Social Magazine was on the scene at San Diego’s 22nd Gaslamp Quarter Mardi Gras Parade and Celebration on February 6 for the event’s first ever Saturday running. Though most of us associate New Orleans with the annual carnival of Mardi Gras—a madcap festival of earthly delights before the somber season of Lent—the West Coast version is one of the top 10 events in the U.S., historically drawing upwards of 30,000 fun-seekers each year. Traditionally, San Diego Mardi Gras occurs on a Tuesday, but this year the organizers moved it to Saturday, allowing revelers to stay up late without worrying about work or school the next day. Hence, “Fat Saturday” was born.
In the hours leading up to the festivities, partygoers packed San Diego’s Gaslamp Quarter district, a 16 ½ block historic neighborhood humming with bars, clubs, restaurants, hotels, and Petco Park, home of the San Diego Padres baseball team. (BTW, this neighborhood is the perfect place to host your next bachelor or bachelorette party.) Groups of friends noshed on pre-party meals like the substantial burritos washed down with fishbowl-sized margaritas at Don Chidos, or on the excellent grass-fed beef and free-range turkey burgers at BurgerLounge. Those looking to start the merriment early found live entertainment and cocktails at The Tipsy Crow or at the official Mardi Gras pre-party at Blush.
At five in the evening, the line outside the festival was already several blocks long. Adding to the drama and excitement of the event, mysterious strangers wove through the crowd, wearing masks of colorful feathers, black lace, bone-like ceramic, or even intricate, laser cut metal.
Once inside, celebrants found five stages of music, including the Silent Disco Stage, an innovative setup in which attendees received wireless headphones transmitting tunes from dueling DJs. Each station corresponded to a color that lit up the headphones. The crowd danced all together to different beats, and to the onlookers, it seemed to be happening in silence. Dancers listening to the same station could find each other based on the color of the other person’s headphones. At a glance, it was easy to see which station was the most popular on the dance floor at a given time as the DJs dueled for the audience’s hearts and feet.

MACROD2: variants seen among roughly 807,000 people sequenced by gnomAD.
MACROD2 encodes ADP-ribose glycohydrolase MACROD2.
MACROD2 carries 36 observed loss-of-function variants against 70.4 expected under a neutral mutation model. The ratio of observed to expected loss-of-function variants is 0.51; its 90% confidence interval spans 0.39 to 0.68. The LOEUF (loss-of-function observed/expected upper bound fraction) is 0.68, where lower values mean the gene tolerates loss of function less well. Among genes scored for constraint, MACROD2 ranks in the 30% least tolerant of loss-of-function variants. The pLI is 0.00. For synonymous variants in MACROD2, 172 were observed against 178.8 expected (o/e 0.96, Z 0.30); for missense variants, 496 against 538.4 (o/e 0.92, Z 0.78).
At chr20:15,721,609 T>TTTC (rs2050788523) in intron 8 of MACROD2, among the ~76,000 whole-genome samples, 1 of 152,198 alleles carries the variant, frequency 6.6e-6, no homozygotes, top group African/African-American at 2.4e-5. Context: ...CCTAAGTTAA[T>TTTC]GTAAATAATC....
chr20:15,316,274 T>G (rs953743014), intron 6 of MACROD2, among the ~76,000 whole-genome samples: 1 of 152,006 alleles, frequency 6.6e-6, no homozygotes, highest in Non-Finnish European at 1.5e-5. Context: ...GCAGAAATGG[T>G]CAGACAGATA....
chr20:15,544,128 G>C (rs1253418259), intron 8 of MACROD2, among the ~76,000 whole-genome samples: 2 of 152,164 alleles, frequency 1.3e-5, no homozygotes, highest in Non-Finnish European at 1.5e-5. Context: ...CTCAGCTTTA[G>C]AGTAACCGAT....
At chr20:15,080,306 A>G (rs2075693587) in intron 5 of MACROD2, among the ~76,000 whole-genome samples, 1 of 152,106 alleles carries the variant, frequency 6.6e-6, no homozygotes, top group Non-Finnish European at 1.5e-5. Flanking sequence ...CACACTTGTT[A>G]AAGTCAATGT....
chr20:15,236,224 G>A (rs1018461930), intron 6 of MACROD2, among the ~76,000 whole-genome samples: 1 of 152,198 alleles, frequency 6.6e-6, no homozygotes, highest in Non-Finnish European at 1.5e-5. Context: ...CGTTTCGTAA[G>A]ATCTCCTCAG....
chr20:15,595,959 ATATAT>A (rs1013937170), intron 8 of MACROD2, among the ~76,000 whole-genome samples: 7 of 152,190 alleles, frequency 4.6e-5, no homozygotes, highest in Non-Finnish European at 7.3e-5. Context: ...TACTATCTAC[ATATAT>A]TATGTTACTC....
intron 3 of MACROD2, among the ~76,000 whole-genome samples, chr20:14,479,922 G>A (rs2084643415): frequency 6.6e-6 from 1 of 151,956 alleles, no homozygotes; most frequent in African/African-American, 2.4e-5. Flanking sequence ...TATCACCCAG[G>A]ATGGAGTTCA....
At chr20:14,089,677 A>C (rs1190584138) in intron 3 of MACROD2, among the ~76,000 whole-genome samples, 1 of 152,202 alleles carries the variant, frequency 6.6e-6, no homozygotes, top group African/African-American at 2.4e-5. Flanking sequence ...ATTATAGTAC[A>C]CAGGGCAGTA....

As they wandered from stage to stage, listening to DJs including Mix Master Mike from the Beastie Boys, stopping for kabobs, beignets, and neon drinks in plastic cups, or drifting in and out of bars and restaurants lining the streets, the pleasure-seekers admired the gorgeous Samba Queens of Mardi Gras. All through the night, these beautiful women danced tirelessly on pedestals, wearing colorful bejeweled costumes and giant, elaborate feather headdresses, and looking like tropical birds of paradise.
Local artists perched on small stages like islands in the sea of people, capturing the vivid scene on canvas in real time. Body painters practiced their art on the bare skin of lucky guests. Outlandish characters on stilts joined the crowds, performing leaps and exaggerated dance moves. Human gyroscopes spun in giant, fluorescent hoops. As the hour drew close to nine, the roisterers lined up to view the Big Easy Parade, with a number of revelers finding perches in the second-story windows and balconies of historic buildings lining 5th Avenue. Here, a few engaged in a well-known Mardi Gras ritual of flashing the crowd in exchange for beads.
But all eyes were on the parade once it started, with an energetic and acrobatic capoeira performance by a troupe of muscled, half-naked men. Behind them came a dancing wall of feathered samba queens, followed by various floats including the Game of Thrones float with costumed characters. The parade included local dignitaries, belly-dancers, and random cameos from personalities including Miss Middle East 2015, Elona Brando. Then, in a tribute to southern California pop-culture, a flamboyant display of lowriders fitted with hydraulics processed down the street, hopping and dropping to the crowd’s delight. Parade-watchers cheered and waved, competing for strings of colorful necklaces thrown by the entertainers. Beads flew, trumpets blared and drums pounded with a primal throb.
After the parade, rainbow confetti showered scene, and the thousands of jovial, undulating guests poured into the street, heading for Bone Thugs-n-Harmony on the King Club stage. After more than seven hours, the festivities continued at the after-party held at Tin Roof, featuring live music from Cassie B Project. From beginning to end, the night was full of excitement and expectation—sexy, wild and magical—an adult circus.
After trying Mardi Gras in San Diego, where should the merrymaker head next time? Other Mardi Gras destinations you may not have considered include Barranquilla, Colombia; George Town, Cayman Islands, and Port of Spain. As they say at Mardi Gras, Laissez les bons temps rouler! And don’t forget your mask.